In his piece, McGahey says recent research strongly supports that increased housing supply brings down costs.

Santa Cruz, consistently ranked as one of California’s best beach towns, would be an exception to that rule because of its proximity to the biggest economic engine in the world — Silicon Valley. High-income earners working in Cupertino or Mountain View who are willing to make the relatively short commute (or work remotely) or want a second vacation home, or college students (with rich parents) attending UCSC, where there is inadequate student housing, will continue to put unending pressure on Santa Cruz’s housing market.

Increased supply will never outstrip the unlimited demand and prices will remain high.

The lucrative short-term rental investment market (aka Airbnb) also drives demand and exacerbates our housing crisis by making these units unavailable for people who live and work in Santa Cruz. This also drives up rental costs.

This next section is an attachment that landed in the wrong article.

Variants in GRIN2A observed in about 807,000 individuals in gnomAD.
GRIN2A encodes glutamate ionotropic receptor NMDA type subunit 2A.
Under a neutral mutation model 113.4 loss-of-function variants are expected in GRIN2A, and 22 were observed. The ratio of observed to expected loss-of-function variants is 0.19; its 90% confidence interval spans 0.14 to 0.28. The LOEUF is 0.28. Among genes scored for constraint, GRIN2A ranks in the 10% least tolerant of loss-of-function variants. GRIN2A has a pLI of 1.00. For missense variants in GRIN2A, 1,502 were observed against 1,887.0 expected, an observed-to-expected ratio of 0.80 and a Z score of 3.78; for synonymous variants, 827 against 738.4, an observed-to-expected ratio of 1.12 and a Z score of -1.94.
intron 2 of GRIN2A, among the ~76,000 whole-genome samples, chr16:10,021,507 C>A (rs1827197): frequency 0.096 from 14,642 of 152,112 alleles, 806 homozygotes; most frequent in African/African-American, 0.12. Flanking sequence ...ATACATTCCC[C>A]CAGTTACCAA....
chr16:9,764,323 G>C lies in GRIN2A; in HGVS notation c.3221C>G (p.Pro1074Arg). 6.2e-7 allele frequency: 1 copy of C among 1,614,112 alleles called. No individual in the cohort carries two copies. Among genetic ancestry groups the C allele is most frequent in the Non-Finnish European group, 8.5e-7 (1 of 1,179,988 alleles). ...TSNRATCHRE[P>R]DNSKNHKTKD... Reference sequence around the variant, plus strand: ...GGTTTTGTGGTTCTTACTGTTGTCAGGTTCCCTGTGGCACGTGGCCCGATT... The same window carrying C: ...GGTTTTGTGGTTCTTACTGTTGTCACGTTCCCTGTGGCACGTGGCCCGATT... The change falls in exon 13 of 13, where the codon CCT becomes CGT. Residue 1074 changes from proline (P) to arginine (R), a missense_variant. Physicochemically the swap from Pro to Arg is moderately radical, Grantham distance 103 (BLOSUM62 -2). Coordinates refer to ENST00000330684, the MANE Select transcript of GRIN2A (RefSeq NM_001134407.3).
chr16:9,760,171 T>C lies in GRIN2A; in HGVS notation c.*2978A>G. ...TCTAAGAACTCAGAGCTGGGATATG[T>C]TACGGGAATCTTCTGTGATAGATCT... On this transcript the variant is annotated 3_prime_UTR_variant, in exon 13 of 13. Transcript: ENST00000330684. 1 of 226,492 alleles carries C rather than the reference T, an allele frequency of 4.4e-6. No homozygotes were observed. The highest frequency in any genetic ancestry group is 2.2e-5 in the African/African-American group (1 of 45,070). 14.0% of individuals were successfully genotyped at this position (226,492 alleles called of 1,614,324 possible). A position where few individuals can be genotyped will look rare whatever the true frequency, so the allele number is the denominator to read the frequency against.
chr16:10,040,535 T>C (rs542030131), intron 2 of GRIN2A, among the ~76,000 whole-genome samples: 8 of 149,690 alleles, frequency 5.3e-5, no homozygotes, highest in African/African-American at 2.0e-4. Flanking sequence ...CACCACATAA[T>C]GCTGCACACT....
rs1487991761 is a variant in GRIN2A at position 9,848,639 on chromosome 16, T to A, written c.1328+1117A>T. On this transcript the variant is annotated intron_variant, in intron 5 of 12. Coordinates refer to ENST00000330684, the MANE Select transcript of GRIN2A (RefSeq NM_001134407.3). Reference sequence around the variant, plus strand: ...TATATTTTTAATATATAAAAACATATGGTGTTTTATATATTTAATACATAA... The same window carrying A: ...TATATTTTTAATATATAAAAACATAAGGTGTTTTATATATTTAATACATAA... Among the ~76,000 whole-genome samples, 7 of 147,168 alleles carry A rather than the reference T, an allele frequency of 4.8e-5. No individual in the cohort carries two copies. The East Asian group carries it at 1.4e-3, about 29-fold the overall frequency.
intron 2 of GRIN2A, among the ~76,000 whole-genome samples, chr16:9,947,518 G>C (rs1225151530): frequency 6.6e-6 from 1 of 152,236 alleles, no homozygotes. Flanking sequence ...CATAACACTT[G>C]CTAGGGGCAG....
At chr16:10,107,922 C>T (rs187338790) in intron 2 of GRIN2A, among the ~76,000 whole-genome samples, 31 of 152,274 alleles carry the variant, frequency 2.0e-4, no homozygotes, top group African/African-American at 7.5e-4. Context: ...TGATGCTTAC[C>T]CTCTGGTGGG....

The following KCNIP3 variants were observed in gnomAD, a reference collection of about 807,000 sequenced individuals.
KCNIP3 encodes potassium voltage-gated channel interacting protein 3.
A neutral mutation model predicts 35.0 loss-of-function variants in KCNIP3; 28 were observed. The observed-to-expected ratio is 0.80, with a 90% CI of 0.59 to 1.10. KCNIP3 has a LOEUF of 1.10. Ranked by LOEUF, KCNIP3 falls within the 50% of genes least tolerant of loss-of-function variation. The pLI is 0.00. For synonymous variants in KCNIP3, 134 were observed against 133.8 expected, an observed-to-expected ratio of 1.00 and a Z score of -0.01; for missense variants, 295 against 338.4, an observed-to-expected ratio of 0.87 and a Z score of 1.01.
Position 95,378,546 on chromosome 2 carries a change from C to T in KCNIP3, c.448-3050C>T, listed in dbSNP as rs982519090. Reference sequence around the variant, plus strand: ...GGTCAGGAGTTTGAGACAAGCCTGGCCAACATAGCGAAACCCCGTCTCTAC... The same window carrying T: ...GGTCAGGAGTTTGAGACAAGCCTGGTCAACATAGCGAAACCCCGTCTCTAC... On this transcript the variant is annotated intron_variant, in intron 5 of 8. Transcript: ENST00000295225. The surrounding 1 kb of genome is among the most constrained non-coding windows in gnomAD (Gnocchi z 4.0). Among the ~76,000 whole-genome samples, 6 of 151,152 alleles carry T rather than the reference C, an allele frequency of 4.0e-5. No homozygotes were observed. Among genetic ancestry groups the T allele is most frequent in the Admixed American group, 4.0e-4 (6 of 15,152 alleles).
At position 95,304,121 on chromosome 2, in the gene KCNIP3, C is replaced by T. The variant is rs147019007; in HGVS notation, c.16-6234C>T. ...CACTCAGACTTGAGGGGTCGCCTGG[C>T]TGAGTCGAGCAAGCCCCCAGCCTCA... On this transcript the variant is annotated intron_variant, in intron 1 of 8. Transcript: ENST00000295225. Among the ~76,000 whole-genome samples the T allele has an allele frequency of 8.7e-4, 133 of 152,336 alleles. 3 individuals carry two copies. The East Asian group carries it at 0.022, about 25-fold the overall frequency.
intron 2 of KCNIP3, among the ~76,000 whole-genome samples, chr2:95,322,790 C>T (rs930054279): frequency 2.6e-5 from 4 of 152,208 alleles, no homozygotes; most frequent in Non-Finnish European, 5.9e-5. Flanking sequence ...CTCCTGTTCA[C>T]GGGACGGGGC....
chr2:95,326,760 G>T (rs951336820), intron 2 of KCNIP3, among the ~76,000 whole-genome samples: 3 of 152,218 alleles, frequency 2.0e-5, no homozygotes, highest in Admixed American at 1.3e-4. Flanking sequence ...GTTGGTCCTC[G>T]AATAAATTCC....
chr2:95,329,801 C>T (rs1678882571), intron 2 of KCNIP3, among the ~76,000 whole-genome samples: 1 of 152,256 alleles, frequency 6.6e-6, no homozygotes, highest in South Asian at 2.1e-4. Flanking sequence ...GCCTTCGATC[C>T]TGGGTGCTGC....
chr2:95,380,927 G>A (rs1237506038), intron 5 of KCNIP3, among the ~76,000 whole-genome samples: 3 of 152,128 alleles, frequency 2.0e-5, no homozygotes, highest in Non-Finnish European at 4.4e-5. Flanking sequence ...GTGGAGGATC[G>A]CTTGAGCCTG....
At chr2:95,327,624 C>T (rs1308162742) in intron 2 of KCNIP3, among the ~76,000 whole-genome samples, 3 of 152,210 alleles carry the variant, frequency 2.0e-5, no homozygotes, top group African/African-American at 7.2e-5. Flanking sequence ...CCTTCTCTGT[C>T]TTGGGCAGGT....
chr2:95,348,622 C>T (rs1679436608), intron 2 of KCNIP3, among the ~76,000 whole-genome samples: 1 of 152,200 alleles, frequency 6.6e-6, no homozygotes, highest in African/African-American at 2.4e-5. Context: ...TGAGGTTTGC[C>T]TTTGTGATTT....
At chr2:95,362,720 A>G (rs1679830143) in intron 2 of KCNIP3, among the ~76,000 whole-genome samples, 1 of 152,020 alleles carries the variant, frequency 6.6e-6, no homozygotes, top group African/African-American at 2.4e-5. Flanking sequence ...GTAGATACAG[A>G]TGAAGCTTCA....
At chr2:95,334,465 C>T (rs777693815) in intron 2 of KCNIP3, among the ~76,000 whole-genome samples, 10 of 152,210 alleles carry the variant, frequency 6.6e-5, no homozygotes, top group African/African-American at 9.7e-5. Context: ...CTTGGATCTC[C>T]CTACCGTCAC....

When the demand does not cease, the cost will not go down.

At $4,000 per month for the typical studio or one-bedroom apartment, these units are not going to house families or people who are essential workers in our city: teachers, firefighters, doctors, pastors, mechanics or food-service workers. Many of those units will be rented or purchased as second or vacation homes, which will lie vacant much of the year, much like what McGahey does, as he moves back and forth between New York City and Santa Cruz.

Building mostly market-rate housing does not solve California’s housing crisis, even when it is in high-rise buildings. We are not having a luxury-second-home housing crisis. We are having an affordable housing crisis.

I keep saying it, and I will say it again: We cannot build our way out of an affordable housing crisis if we do not build affordable housing.

Housing for People volunteers are working to increase affordable workforce housing and empower people to push back on the corporate developers and their paid YIMBY lobbyists whose profit motive supersedes our real need for more middle- and low-income housing.

Susan Monheit is a retired state water regulator and environmental scientist, with 30 years’ experience working in environmental protection. She has published two scientific papers in the peer-reviewed journal Human and Ecological Risk Assessment dealing with pesticide exposure issues to Native Americans and honeybees. She is a graduate of UC Santa Cruz and of the environmental master’s degree program at the University of San Francisco.